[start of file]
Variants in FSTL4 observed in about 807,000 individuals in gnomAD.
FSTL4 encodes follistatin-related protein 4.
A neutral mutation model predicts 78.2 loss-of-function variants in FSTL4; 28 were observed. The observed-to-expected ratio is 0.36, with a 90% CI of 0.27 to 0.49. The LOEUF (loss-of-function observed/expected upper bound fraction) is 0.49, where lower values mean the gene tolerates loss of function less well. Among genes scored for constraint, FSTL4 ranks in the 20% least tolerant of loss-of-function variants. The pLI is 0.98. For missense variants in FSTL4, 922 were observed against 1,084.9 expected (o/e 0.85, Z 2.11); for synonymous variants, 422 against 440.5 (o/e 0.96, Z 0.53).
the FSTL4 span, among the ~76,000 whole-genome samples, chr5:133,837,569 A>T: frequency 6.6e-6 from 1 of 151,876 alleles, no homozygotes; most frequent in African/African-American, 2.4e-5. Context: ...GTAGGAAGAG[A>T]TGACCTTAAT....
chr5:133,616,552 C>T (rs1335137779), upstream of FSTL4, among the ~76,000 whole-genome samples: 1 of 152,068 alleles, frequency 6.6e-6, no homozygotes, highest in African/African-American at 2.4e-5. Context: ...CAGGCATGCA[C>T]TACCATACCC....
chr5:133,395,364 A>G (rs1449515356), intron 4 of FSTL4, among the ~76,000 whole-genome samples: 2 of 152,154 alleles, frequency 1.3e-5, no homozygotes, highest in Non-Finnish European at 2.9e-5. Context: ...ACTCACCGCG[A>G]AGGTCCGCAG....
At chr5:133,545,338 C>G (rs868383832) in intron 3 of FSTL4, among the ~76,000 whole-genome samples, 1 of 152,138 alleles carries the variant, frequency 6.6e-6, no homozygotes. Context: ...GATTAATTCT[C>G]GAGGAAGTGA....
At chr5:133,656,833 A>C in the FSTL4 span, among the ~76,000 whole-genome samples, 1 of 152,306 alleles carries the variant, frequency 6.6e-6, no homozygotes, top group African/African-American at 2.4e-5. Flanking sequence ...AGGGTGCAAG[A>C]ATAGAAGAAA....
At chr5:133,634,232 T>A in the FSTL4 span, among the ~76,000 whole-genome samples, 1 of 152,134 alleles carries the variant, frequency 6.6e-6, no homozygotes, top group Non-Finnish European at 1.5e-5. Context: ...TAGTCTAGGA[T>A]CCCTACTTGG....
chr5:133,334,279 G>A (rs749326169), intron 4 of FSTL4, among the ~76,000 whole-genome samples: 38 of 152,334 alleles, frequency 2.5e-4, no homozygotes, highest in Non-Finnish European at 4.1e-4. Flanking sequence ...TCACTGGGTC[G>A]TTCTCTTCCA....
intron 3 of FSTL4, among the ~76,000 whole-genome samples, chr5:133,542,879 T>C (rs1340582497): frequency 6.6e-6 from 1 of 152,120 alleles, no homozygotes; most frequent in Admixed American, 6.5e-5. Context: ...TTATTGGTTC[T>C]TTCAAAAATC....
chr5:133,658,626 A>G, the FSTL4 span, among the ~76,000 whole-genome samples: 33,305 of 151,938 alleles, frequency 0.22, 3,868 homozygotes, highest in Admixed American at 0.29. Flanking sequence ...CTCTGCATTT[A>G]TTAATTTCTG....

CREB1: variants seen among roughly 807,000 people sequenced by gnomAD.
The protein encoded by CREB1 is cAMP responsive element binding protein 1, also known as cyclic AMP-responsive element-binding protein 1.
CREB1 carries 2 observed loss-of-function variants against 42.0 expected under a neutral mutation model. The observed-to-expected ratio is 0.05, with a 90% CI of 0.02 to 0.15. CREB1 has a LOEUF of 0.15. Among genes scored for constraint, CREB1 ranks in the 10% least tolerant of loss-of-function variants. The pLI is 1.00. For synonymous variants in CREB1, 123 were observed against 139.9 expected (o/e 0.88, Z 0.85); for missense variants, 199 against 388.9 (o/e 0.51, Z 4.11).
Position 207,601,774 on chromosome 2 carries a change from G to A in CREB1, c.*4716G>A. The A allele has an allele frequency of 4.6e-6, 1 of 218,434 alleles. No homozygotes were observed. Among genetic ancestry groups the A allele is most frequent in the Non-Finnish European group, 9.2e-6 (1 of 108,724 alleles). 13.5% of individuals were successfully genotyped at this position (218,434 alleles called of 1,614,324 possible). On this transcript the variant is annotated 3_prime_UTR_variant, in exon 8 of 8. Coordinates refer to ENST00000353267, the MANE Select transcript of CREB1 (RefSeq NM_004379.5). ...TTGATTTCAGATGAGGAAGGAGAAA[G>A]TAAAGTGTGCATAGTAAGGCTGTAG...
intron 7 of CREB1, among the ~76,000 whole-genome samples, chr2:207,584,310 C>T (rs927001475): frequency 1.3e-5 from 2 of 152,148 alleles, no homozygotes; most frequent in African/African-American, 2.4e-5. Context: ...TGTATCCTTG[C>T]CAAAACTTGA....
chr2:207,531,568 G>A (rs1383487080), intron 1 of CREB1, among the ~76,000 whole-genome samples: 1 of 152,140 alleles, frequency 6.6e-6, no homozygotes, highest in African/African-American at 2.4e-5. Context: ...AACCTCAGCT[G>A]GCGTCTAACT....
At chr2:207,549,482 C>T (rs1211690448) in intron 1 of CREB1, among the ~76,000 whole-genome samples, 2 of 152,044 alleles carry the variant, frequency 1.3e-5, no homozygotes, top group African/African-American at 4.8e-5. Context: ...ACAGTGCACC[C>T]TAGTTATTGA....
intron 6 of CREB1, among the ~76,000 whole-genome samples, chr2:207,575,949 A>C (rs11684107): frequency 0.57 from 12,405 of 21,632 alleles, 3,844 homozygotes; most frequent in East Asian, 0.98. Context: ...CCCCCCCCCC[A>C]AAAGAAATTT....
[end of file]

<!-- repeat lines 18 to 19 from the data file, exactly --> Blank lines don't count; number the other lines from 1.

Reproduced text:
chr2:207,531,568 G>A (rs1383487080), intron 1 of CREB1, among the ~76,000 whole-genome samples: 1 of 152,140 alleles, frequency 6.6e-6, no homozygotes, highest in African/African-American at 2.4e-5. Context: ...AACCTCAGCT[G>A]GCGTCTAACT....
At chr2:207,549,482 C>T (rs1211690448) in intron 1 of CREB1, among the ~76,000 whole-genome samples, 2 of 152,044 alleles carry the variant, frequency 1.3e-5, no homozygotes, top group African/African-American at 4.8e-5. Context: ...ACAGTGCACC[C>T]TAGTTATTGA....